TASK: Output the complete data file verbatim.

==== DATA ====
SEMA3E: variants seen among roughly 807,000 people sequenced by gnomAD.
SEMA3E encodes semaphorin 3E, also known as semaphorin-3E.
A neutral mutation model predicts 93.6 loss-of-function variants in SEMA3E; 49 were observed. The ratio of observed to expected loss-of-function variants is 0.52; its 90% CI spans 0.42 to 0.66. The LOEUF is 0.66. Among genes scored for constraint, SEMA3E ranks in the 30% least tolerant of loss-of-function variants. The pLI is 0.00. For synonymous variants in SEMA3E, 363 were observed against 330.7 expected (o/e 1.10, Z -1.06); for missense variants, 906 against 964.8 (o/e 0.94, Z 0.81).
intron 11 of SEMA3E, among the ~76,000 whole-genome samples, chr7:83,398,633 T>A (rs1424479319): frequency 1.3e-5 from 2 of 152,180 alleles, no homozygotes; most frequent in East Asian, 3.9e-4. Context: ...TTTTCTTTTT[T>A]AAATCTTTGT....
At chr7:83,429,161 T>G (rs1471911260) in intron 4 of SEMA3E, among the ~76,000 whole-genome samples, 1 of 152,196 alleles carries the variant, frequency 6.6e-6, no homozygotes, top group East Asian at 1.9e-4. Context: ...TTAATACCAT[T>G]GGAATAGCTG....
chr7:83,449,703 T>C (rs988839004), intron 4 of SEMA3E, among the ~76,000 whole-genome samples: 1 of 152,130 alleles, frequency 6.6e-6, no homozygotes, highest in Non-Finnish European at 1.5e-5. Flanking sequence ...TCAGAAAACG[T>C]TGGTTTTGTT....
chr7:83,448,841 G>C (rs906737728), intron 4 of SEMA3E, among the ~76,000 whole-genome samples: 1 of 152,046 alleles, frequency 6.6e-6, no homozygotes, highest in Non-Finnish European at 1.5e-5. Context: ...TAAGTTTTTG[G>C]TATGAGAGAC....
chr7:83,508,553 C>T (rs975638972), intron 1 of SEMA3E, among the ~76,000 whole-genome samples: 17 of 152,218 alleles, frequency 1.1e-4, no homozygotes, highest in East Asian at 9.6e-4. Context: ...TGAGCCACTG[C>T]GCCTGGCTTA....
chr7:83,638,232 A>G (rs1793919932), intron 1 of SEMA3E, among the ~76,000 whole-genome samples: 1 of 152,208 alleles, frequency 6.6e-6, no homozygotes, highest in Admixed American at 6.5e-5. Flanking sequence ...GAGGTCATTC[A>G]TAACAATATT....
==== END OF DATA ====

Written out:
SEMA3E: variants seen among roughly 807,000 people sequenced by gnomAD.
SEMA3E encodes semaphorin 3E, also known as semaphorin-3E.
A neutral mutation model predicts 93.6 loss-of-function variants in SEMA3E; 49 were observed. The ratio of observed to expected loss-of-function variants is 0.52; its 90% CI spans 0.42 to 0.66. The LOEUF is 0.66. Among genes scored for constraint, SEMA3E ranks in the 30% least tolerant of loss-of-function variants. The pLI is 0.00. For synonymous variants in SEMA3E, 363 were observed against 330.7 expected (o/e 1.10, Z -1.06); for missense variants, 906 against 964.8 (o/e 0.94, Z 0.81).
intron 11 of SEMA3E, among the ~76,000 whole-genome samples, chr7:83,398,633 T>A (rs1424479319): frequency 1.3e-5 from 2 of 152,180 alleles, no homozygotes; most frequent in East Asian, 3.9e-4. Context: ...TTTTCTTTTT[T>A]AAATCTTTGT....
At chr7:83,429,161 T>G (rs1471911260) in intron 4 of SEMA3E, among the ~76,000 whole-genome samples, 1 of 152,196 alleles carries the variant, frequency 6.6e-6, no homozygotes, top group East Asian at 1.9e-4. Context: ...TTAATACCAT[T>G]GGAATAGCTG....
chr7:83,449,703 T>C (rs988839004), intron 4 of SEMA3E, among the ~76,000 whole-genome samples: 1 of 152,130 alleles, frequency 6.6e-6, no homozygotes, highest in Non-Finnish European at 1.5e-5. Flanking sequence ...TCAGAAAACG[T>C]TGGTTTTGTT....
chr7:83,448,841 G>C (rs906737728), intron 4 of SEMA3E, among the ~76,000 whole-genome samples: 1 of 152,046 alleles, frequency 6.6e-6, no homozygotes, highest in Non-Finnish European at 1.5e-5. Context: ...TAAGTTTTTG[G>C]TATGAGAGAC....
chr7:83,508,553 C>T (rs975638972), intron 1 of SEMA3E, among the ~76,000 whole-genome samples: 17 of 152,218 alleles, frequency 1.1e-4, no homozygotes, highest in East Asian at 9.6e-4. Context: ...TGAGCCACTG[C>T]GCCTGGCTTA....
chr7:83,638,232 A>G (rs1793919932), intron 1 of SEMA3E, among the ~76,000 whole-genome samples: 1 of 152,208 alleles, frequency 6.6e-6, no homozygotes, highest in Admixed American at 6.5e-5. Flanking sequence ...GAGGTCATTC[A>G]TAACAATATT....